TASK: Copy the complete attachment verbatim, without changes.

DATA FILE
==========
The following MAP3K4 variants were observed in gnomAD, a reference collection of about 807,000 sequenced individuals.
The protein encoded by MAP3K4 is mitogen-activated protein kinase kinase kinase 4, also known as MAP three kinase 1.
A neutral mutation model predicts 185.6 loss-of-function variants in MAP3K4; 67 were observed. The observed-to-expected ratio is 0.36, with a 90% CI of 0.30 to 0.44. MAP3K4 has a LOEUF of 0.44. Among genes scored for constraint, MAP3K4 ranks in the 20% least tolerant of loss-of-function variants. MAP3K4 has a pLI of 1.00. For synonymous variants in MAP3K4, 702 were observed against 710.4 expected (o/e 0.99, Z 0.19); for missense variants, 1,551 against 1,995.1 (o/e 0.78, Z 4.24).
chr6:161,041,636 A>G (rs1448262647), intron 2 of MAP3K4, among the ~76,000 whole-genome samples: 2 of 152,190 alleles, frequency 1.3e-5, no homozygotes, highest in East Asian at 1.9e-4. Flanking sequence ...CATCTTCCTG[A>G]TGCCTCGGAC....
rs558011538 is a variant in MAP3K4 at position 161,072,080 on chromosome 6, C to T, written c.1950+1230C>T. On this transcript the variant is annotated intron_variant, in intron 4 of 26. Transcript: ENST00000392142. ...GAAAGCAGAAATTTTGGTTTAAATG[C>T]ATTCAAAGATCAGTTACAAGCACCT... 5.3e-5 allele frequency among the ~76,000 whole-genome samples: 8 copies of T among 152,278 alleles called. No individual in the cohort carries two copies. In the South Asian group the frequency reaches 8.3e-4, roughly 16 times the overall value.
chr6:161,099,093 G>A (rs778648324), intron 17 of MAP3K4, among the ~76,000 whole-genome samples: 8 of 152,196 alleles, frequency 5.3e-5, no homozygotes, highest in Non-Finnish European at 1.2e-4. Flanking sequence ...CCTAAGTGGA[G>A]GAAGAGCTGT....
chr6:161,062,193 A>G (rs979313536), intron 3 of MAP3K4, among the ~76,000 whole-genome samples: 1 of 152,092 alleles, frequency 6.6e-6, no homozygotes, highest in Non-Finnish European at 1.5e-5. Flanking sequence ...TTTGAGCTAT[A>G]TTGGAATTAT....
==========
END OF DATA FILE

The following MAP3K4 variants were observed in gnomAD, a reference collection of about 807,000 sequenced individuals.
The protein encoded by MAP3K4 is mitogen-activated protein kinase kinase kinase 4, also known as MAP three kinase 1.
A neutral mutation model predicts 185.6 loss-of-function variants in MAP3K4; 67 were observed. The observed-to-expected ratio is 0.36, with a 90% CI of 0.30 to 0.44. MAP3K4 has a LOEUF of 0.44. Among genes scored for constraint, MAP3K4 ranks in the 20% least tolerant of loss-of-function variants. MAP3K4 has a pLI of 1.00. For synonymous variants in MAP3K4, 702 were observed against 710.4 expected (o/e 0.99, Z 0.19); for missense variants, 1,551 against 1,995.1 (o/e 0.78, Z 4.24).
chr6:161,041,636 A>G (rs1448262647), intron 2 of MAP3K4, among the ~76,000 whole-genome samples: 2 of 152,190 alleles, frequency 1.3e-5, no homozygotes, highest in East Asian at 1.9e-4. Flanking sequence ...CATCTTCCTG[A>G]TGCCTCGGAC....
rs558011538 is a variant in MAP3K4 at position 161,072,080 on chromosome 6, C to T, written c.1950+1230C>T. On this transcript the variant is annotated intron_variant, in intron 4 of 26. Transcript: ENST00000392142. ...GAAAGCAGAAATTTTGGTTTAAATG[C>T]ATTCAAAGATCAGTTACAAGCACCT... 5.3e-5 allele frequency among the ~76,000 whole-genome samples: 8 copies of T among 152,278 alleles called. No individual in the cohort carries two copies. In the South Asian group the frequency reaches 8.3e-4, roughly 16 times the overall value.
chr6:161,099,093 G>A (rs778648324), intron 17 of MAP3K4, among the ~76,000 whole-genome samples: 8 of 152,196 alleles, frequency 5.3e-5, no homozygotes, highest in Non-Finnish European at 1.2e-4. Flanking sequence ...CCTAAGTGGA[G>A]GAAGAGCTGT....
chr6:161,062,193 A>G (rs979313536), intron 3 of MAP3K4, among the ~76,000 whole-genome samples: 1 of 152,092 alleles, frequency 6.6e-6, no homozygotes, highest in Non-Finnish European at 1.5e-5. Flanking sequence ...TTTGAGCTAT[A>G]TTGGAATTAT....